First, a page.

Mia’s thoughts- A great man once said a nation should not judged by the power of it’s military but by how it treats the least amongst it! with over 66% of homeless being veterans are we really going to stand for a law that kicks those who stood and served their country while their down? simply because they use a blanket to stave off the cold.
Reposted from a story online onFebruary 8, 2014 By Allen Clifton
I think most of us can agree that life isn’t easy. So many Americans live in a perpetual state of fear about the future. Going paycheck to paycheck, one long string of bad luck away from total catastrophe. I remember when I was a server thinking sometimes that all it took was one wrong step, breaking my ankle, and I would have been absolutely screwed. What good is a server if you can’t walk?
Our lives can change in an instant. We’re brought up in different environments and have to overcome different obstacles. It’s why I try not to judge people (outside of their willful ignorance) because I really don’t know what they’ve had to overcome in life or what led them to their particular hardships.
This is especially true when I encounter a homeless person. Granted some homeless are in their situation in life due to their own decisions, but many aren’t. And like most things in life, once you dig yourself into that kind of a “poverty hole,” it’s really hard to get yourself out of it.
The last thing I’d ever support, or want to see happen, is for a city to pass laws that almost seem to be picking on homeless people. Laws or ordinances that make the lives of people who already live in extremely challenging situations even more difficult.
But that’s exactly what’s happening in Pensacola, Florida.
Right now there’s a “camping ordinance” within the city that basically makes it illegal for anyone outside to cover themselves with a newspaper or blanket in cold or otherwise inclement weather.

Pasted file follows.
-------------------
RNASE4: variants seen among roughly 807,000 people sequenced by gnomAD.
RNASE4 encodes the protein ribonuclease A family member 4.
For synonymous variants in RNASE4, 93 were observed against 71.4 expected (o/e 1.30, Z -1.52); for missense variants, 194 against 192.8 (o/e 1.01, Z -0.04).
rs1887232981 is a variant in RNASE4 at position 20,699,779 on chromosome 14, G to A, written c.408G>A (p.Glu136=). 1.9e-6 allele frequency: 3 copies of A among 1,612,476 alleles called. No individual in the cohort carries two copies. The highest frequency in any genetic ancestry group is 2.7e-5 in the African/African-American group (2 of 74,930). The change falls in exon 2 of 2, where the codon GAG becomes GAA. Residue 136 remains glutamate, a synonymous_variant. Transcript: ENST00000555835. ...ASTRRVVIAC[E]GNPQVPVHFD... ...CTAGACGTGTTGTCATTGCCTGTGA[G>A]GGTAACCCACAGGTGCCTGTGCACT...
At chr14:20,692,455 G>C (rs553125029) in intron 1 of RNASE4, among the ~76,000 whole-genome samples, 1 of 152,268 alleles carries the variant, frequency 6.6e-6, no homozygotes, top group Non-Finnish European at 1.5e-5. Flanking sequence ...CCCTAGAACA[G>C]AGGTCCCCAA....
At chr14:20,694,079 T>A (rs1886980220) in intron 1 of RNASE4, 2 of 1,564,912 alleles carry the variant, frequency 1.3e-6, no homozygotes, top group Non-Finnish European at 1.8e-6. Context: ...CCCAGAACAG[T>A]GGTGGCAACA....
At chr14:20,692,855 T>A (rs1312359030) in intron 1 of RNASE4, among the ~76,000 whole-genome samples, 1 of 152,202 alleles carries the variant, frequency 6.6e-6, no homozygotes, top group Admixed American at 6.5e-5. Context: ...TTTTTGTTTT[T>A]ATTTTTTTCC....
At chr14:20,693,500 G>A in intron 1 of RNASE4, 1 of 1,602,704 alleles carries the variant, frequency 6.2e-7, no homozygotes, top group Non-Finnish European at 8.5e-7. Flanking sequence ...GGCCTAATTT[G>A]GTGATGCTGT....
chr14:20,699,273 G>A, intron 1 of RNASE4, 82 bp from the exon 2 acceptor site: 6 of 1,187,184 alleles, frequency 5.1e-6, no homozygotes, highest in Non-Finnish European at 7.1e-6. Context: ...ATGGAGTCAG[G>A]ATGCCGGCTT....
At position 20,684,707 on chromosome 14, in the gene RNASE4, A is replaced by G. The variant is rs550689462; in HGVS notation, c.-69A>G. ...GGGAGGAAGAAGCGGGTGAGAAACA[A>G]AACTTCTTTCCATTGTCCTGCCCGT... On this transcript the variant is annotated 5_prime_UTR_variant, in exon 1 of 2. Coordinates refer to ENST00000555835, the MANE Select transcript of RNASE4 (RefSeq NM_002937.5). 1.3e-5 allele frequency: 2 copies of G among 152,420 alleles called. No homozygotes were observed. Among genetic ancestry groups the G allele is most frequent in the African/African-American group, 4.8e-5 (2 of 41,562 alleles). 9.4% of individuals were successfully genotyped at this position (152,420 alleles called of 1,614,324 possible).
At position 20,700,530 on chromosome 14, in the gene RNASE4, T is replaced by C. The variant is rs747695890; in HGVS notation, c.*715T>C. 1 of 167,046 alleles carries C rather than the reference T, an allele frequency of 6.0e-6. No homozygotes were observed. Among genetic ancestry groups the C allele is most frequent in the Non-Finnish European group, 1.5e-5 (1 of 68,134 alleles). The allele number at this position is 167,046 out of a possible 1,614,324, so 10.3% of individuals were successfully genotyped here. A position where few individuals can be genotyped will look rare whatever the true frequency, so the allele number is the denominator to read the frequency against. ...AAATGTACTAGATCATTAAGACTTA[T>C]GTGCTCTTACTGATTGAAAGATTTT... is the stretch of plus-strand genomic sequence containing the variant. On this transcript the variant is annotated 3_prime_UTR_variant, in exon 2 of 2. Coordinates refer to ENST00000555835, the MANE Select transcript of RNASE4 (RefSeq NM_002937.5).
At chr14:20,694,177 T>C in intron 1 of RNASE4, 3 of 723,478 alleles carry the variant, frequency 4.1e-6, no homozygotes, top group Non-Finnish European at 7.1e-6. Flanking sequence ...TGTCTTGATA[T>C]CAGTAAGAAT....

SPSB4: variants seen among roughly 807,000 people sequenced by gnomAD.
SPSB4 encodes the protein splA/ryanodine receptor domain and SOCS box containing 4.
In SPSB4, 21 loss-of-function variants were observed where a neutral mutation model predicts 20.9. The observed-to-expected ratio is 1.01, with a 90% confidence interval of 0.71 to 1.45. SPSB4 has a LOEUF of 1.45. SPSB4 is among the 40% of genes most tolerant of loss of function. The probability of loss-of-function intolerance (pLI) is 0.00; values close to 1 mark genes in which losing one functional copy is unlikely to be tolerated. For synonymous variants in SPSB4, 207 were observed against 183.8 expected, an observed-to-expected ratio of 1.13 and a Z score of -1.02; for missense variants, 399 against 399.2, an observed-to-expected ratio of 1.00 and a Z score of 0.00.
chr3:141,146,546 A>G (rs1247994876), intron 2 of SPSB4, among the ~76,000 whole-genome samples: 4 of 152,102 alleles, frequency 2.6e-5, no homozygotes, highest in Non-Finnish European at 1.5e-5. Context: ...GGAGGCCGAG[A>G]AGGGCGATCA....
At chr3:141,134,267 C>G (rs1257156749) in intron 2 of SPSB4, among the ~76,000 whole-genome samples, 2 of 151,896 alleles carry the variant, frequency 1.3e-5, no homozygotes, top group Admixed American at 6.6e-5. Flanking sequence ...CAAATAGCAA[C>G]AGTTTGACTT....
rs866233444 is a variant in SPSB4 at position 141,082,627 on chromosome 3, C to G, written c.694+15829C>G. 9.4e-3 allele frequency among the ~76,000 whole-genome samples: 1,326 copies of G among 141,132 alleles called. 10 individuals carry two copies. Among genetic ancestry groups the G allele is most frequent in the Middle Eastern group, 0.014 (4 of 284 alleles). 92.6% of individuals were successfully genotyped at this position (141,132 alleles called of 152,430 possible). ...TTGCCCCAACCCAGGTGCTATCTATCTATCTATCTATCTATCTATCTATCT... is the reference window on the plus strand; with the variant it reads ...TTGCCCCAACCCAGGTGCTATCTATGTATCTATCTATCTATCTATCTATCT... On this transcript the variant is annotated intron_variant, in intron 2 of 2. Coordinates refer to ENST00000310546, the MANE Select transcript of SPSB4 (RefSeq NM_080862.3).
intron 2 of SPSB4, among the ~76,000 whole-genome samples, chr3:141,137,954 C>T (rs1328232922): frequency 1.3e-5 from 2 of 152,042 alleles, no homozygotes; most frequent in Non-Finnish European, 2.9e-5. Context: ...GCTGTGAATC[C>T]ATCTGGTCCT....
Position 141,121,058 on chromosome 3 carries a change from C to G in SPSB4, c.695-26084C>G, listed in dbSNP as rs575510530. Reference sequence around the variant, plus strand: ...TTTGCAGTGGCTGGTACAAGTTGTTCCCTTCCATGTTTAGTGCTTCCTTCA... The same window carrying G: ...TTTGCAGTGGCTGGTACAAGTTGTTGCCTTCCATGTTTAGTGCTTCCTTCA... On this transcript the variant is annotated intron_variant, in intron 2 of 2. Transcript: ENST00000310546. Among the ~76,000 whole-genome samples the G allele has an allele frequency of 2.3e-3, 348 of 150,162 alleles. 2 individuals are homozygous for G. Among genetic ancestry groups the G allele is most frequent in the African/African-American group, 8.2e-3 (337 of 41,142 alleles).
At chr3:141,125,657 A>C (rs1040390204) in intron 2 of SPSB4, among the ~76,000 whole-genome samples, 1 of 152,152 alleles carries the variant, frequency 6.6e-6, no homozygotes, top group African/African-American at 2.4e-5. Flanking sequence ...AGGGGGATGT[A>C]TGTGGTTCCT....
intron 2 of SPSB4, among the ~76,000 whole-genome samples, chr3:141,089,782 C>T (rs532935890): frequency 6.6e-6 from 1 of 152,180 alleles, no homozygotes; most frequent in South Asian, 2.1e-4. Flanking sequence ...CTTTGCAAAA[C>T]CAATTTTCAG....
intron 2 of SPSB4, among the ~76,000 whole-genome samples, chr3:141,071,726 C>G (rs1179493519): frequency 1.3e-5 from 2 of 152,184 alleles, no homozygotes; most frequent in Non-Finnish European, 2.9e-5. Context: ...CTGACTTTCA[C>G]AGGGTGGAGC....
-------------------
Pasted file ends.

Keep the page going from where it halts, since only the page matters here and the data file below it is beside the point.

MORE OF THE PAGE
It’s ridiculous. Before even getting into the impact this has on the homeless, let’s just look at how this could impact an ordinary citizen. Say you’re caught outside in the rain with only a newspaper to keep you dry while you wait outside for a bus – technically that’s illegal.
But of course the real people this ordinance will impact are the thousands of homeless people who are left freezing outside (Florida has had an abnormally cold winter this year) who have to make the conscious decision to break the law just to keep themselves warm.
Isn’t it hard enough just being homeless? Do we really need to make their lives even more difficult? Hell, isn’t this flat-out inhumane? To tell someone who has nowhere to go, no home to keep warm in, that they’ll be breaking the law if they dare try to shield themselves from freezing temperatures and high winds – it’s reprehensible.
Every person who’s homeless has their own unique story as to why they’re in their current situation. Again, some are there because of their own volition and choices in life. But many suffer the plight of homelessness due to circumstances beyond their control. And let us not forget that many of these individuals are war veterans suffering from PTSD or people who were born with other mental illnesses that (since birth) have prevented them from ever standing a chance at assimilating into society.
But this isn’t about judging why someone is homeless. This is about common sense and basic human decency to treat some of those who are most vulnerable in our society with at least a shred of compassion.
Next week, the city will be considering amending the City Code to remove this awful ordinance. I would encourage everyone reading this to contact the Mayor of Pensacola, Ashton J. Hayward, and let him know that this lack of basic humanity must stop